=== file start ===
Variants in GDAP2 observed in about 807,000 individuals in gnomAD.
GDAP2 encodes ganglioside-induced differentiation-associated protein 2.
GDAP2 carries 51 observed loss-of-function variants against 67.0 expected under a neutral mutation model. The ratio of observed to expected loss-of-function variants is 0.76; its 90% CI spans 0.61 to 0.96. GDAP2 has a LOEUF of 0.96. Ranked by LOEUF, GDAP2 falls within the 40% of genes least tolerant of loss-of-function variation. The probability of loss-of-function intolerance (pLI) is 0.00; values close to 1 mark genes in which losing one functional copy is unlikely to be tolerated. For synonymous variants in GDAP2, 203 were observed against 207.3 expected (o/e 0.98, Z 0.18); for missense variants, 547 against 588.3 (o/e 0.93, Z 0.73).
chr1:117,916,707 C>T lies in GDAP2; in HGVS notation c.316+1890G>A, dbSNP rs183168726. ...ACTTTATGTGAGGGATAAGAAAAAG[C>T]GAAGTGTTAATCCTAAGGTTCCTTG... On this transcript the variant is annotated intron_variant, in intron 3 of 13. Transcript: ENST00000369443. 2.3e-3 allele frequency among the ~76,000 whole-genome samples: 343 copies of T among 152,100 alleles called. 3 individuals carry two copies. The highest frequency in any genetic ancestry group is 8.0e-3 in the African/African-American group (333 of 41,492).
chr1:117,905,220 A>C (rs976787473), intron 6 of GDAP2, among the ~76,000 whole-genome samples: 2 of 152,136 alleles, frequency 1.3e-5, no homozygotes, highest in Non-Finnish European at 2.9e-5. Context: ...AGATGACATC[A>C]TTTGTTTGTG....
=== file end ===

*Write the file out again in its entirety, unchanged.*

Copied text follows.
Variants in GDAP2 observed in about 807,000 individuals in gnomAD.
GDAP2 encodes ganglioside-induced differentiation-associated protein 2.
GDAP2 carries 51 observed loss-of-function variants against 67.0 expected under a neutral mutation model. The ratio of observed to expected loss-of-function variants is 0.76; its 90% CI spans 0.61 to 0.96. GDAP2 has a LOEUF of 0.96. Ranked by LOEUF, GDAP2 falls within the 40% of genes least tolerant of loss-of-function variation. The probability of loss-of-function intolerance (pLI) is 0.00; values close to 1 mark genes in which losing one functional copy is unlikely to be tolerated. For synonymous variants in GDAP2, 203 were observed against 207.3 expected (o/e 0.98, Z 0.18); for missense variants, 547 against 588.3 (o/e 0.93, Z 0.73).
chr1:117,916,707 C>T lies in GDAP2; in HGVS notation c.316+1890G>A, dbSNP rs183168726. ...ACTTTATGTGAGGGATAAGAAAAAG[C>T]GAAGTGTTAATCCTAAGGTTCCTTG... On this transcript the variant is annotated intron_variant, in intron 3 of 13. Transcript: ENST00000369443. 2.3e-3 allele frequency among the ~76,000 whole-genome samples: 343 copies of T among 152,100 alleles called. 3 individuals carry two copies. The highest frequency in any genetic ancestry group is 8.0e-3 in the African/African-American group (333 of 41,492).
chr1:117,905,220 A>C (rs976787473), intron 6 of GDAP2, among the ~76,000 whole-genome samples: 2 of 152,136 alleles, frequency 1.3e-5, no homozygotes, highest in Non-Finnish European at 2.9e-5. Context: ...AGATGACATC[A>C]TTTGTTTGTG....